In an attempt to facilitate the growth and at the same tine to assist in lowering the costs of construction, the emphasisumber of the important components of the construction materials industry is shifting. These intra-Industry structural changes have favored the more highly fabricated materials In general in order to aid in theof construction and to help reduce its requirements for lumber and steel. The materials receiving primary emphasis are cement andconcrete. Cement Is the indispensable ingredient for precastthe expanded output of which ia to be substituted for structural lumber and ateel, thus reducing the consumption of these two products per unit of construction. Moreover, the increased use of preeaHtcomponents will assist in lowering construction costs by shifting more construction operations into plants, thus permitting betterand mechanization of production processes. The output and use of large wall panelsubcategory of precast concrete) is beingrapidly in order to decrease the extensive reliance on brickall material.

Plans for production of precast concrete components have beenin the past, and this trend probably will continue, butwill not be sufficient to satisfy the greatly increasedof the expanded construction prograa. The quality of precasthovever, will remain low (requiring excessive maintenance of structures composed of thia material) because of the need to continue to scrimp in the use of cement and because of the low quality of the rock products available for concrete aggregates. These shortages will result from the failure both to fulfill the goal for production of cement and to plan and produce adequate rock products of good quality. In the large wall panel program will prevent fulfillment of Ita production goals, and,esult, the primary dependence on brick for masonry wall materials will continue.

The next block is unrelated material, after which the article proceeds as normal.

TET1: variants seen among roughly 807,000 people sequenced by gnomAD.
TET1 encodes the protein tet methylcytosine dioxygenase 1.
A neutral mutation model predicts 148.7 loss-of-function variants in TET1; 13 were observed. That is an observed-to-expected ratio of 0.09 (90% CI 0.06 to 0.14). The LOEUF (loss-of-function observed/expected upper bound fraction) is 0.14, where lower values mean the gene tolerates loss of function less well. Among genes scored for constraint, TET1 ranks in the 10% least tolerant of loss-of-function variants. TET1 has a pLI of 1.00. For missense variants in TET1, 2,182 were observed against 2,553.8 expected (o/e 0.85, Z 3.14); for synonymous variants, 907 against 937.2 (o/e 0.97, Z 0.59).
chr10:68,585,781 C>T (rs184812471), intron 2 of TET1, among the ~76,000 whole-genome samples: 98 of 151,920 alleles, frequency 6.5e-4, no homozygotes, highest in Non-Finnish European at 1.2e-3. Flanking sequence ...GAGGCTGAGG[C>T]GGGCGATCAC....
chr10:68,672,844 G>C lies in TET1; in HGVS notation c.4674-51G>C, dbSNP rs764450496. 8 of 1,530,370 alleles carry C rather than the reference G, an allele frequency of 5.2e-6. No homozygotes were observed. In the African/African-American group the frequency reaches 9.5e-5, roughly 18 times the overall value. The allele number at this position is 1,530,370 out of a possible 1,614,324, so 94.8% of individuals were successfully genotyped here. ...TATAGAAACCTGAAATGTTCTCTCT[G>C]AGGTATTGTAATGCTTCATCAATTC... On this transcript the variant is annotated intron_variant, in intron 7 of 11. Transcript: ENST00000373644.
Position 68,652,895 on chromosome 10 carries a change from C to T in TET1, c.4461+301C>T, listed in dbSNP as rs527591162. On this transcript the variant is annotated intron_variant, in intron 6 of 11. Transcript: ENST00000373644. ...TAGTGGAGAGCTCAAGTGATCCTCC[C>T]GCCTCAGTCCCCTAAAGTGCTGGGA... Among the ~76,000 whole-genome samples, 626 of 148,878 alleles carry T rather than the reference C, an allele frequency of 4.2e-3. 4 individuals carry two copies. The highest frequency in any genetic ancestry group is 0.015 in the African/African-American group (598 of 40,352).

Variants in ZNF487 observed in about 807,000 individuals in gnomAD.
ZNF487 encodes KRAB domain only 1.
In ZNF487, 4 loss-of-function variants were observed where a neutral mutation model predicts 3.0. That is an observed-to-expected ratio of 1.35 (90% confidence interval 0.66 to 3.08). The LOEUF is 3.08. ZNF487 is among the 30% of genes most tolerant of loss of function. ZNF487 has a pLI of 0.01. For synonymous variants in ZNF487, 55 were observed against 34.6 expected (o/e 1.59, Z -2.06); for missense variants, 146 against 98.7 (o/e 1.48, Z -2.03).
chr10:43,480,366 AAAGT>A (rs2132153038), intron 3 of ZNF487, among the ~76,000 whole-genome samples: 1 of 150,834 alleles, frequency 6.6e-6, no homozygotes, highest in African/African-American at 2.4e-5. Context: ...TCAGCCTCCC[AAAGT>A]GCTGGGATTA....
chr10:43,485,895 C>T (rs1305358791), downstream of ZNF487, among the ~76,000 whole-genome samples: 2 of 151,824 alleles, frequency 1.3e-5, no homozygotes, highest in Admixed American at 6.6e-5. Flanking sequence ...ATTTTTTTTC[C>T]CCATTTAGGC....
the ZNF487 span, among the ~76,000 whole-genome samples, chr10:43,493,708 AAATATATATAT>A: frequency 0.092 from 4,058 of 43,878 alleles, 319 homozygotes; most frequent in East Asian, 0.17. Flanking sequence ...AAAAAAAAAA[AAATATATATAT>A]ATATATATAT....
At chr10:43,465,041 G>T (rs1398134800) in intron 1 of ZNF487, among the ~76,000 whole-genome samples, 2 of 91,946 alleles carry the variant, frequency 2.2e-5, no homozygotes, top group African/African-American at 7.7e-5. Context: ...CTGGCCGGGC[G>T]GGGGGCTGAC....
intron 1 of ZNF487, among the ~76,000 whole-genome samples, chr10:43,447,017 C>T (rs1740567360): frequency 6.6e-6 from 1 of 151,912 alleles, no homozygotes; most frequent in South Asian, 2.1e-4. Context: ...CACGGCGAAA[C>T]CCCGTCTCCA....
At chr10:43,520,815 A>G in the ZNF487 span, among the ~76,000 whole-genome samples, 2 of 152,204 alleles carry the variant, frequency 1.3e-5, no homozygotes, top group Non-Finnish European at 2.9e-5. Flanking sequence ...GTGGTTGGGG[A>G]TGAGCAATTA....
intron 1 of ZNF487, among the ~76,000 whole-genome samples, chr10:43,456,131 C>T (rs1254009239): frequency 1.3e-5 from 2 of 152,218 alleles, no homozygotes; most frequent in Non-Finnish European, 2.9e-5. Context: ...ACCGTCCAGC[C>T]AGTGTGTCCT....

I. Construction Materials in General

A. Importance in the Soviet Economy

The significance of construction materials in the Sovietis indicated by their share of the expenditures of the construction organizations and their share of the basic inputs of Industry. , betweenndercent of the actual expenditures on construction-installation work were for construction materialsthe cost of transportation to the construction site). 5 this share is planned to increase torimarily because of the increased fabrication of materials in construction material plants (in the case of precast concrete) and because of the increasingof construction work on the site. As0 thomaterials industryercent of the industrialfixed capital assets (valued at replacement costs,5 prices). In addition, the industry accountedercent of the total number of industrial wageworkersJ